An outbreak of el tor cholera associated with a tribal funeral in Irian Jaya, Indonesia

P. Todd Korthuis, Trevor R. Jones, Murad Lesmana, Sandra M. Clark, Maurits Okoseray, Gunawan Ingkokusumo, F. Stephen Wignall

Research output: Contribution to journalArticlepeer-review

12 Scopus citations

Abstract

An outbreak of El Tor biotype cholera occurring in a rural village in Irian Jaya, Indonesia was evaluated for risk factors associated with death from cholera. Among those dying in the village during the epidemic, a significant association between membership in one of the five tribal groups in the village complex was associated with an elevated risk of suffering a cholera death (odds ratio = 5.9). Interviews with members of the decedents' families revealed a very strong association (odds ratio = 11.6) between risk of cholera death and having attended the two day funeral of a woman who died of a cholera-like illness a few days prior to an outbreak of cholera-like diarrheal disease in the village complex. Recent flooding may have contributed to the creation of an environment conducive to cholera transmission.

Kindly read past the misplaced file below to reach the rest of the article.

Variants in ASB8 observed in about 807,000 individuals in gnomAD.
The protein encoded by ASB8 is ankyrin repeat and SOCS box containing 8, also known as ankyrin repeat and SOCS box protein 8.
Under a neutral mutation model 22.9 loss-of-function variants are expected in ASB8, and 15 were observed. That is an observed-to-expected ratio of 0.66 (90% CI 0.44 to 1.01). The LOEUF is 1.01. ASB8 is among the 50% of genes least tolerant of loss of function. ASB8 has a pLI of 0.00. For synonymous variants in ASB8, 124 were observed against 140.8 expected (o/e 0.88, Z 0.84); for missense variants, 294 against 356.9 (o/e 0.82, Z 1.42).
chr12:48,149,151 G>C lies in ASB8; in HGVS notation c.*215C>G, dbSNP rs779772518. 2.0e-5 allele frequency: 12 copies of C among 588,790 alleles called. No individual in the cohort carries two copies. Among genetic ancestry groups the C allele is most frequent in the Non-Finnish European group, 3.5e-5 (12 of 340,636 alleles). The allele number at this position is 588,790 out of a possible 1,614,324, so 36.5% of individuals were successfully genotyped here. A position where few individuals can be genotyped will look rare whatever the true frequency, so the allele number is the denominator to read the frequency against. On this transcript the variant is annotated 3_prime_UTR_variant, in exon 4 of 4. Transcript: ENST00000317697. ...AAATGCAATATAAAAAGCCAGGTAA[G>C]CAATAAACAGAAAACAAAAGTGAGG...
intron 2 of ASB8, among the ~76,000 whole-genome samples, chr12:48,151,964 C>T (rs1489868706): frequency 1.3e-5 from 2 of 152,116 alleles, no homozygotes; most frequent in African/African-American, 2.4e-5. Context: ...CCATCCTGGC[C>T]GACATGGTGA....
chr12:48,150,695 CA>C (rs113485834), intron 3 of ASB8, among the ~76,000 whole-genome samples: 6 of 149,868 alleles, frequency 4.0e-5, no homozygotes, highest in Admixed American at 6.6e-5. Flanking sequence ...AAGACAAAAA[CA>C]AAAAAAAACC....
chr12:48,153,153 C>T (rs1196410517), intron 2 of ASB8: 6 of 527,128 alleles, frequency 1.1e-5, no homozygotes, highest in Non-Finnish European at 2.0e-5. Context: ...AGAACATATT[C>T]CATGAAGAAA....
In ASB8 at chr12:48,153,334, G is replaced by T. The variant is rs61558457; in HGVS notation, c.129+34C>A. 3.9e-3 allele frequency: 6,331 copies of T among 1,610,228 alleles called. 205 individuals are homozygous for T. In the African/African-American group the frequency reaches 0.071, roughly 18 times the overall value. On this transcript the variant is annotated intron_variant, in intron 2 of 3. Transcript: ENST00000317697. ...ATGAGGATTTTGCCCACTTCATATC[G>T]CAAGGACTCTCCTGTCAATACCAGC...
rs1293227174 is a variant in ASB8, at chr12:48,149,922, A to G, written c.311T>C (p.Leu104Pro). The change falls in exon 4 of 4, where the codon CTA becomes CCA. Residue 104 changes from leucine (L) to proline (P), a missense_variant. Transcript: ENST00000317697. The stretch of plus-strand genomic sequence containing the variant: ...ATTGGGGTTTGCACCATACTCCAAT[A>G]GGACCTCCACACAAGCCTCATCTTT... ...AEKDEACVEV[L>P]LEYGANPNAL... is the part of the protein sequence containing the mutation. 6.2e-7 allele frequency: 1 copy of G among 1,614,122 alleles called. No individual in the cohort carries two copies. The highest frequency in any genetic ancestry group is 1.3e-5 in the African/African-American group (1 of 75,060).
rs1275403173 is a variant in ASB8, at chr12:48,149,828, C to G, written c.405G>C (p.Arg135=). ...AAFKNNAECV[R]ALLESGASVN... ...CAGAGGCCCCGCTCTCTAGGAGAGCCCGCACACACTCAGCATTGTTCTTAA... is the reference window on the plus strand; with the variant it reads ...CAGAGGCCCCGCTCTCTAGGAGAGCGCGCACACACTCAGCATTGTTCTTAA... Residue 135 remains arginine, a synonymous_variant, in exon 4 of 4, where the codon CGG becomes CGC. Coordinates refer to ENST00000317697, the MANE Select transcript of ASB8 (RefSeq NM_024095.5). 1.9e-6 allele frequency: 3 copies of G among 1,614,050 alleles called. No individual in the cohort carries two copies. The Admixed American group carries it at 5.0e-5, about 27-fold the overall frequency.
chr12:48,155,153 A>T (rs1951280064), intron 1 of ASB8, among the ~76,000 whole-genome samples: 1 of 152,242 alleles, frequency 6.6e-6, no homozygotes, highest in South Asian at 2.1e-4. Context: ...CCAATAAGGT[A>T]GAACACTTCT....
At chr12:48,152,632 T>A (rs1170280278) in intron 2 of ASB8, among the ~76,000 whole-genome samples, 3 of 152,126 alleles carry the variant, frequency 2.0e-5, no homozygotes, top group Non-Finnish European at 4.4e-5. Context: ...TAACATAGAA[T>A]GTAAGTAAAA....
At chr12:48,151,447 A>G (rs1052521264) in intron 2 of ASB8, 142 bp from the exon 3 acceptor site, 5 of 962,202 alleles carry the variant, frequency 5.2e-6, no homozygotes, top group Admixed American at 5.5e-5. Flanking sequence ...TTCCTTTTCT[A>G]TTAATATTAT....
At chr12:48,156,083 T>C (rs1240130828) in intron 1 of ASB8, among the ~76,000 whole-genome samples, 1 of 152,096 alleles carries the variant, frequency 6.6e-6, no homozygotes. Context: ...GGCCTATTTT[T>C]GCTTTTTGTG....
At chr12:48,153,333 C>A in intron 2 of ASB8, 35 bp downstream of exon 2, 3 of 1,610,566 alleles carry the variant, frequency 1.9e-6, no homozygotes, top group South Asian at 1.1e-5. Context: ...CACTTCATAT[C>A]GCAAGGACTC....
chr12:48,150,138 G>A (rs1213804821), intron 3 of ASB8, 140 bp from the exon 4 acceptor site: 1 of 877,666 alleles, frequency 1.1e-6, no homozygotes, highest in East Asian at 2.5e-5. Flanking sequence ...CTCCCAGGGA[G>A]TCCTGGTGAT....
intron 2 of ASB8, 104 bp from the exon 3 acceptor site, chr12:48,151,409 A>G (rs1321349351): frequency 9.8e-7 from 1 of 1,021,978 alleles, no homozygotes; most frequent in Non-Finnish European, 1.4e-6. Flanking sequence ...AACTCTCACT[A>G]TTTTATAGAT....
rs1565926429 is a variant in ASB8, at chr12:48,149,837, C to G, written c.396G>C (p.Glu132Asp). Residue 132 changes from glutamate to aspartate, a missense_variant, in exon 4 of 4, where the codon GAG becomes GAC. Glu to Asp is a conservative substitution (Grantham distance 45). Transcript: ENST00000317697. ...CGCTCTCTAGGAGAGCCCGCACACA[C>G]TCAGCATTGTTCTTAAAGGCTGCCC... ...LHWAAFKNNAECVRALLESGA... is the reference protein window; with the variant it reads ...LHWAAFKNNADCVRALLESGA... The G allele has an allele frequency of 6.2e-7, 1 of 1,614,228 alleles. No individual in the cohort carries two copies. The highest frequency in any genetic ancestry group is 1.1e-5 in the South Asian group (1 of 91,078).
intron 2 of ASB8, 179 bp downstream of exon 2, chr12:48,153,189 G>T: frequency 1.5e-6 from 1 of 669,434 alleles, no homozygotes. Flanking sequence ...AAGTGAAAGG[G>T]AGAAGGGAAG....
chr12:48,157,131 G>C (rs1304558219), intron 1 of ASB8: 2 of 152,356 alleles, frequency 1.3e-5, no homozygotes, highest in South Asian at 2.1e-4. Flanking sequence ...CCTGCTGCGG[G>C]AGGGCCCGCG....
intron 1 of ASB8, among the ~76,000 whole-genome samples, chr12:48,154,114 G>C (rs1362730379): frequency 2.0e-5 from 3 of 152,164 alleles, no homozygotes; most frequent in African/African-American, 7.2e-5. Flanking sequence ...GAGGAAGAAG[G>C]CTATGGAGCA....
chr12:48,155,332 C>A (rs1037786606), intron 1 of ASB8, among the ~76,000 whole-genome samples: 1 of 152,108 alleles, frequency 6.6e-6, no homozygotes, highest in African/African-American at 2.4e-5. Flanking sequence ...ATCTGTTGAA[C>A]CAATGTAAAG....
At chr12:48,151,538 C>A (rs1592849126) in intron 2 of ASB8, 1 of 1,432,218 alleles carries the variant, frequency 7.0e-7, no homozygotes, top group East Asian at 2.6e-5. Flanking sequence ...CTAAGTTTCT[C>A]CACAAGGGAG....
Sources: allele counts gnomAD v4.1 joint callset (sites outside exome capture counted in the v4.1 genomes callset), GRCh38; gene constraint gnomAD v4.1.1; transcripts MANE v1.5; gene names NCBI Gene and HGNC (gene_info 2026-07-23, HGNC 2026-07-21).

Original languageEnglish (US)
Pages (from-to)550-554
Number of pages5
JournalSoutheast Asian Journal of Tropical Medicine and Public Health
Volume29
Issue number3
StatePublished - Sep 1 1998

ASJC Scopus subject areas

  • Public Health, Environmental and Occupational Health
  • Infectious Diseases

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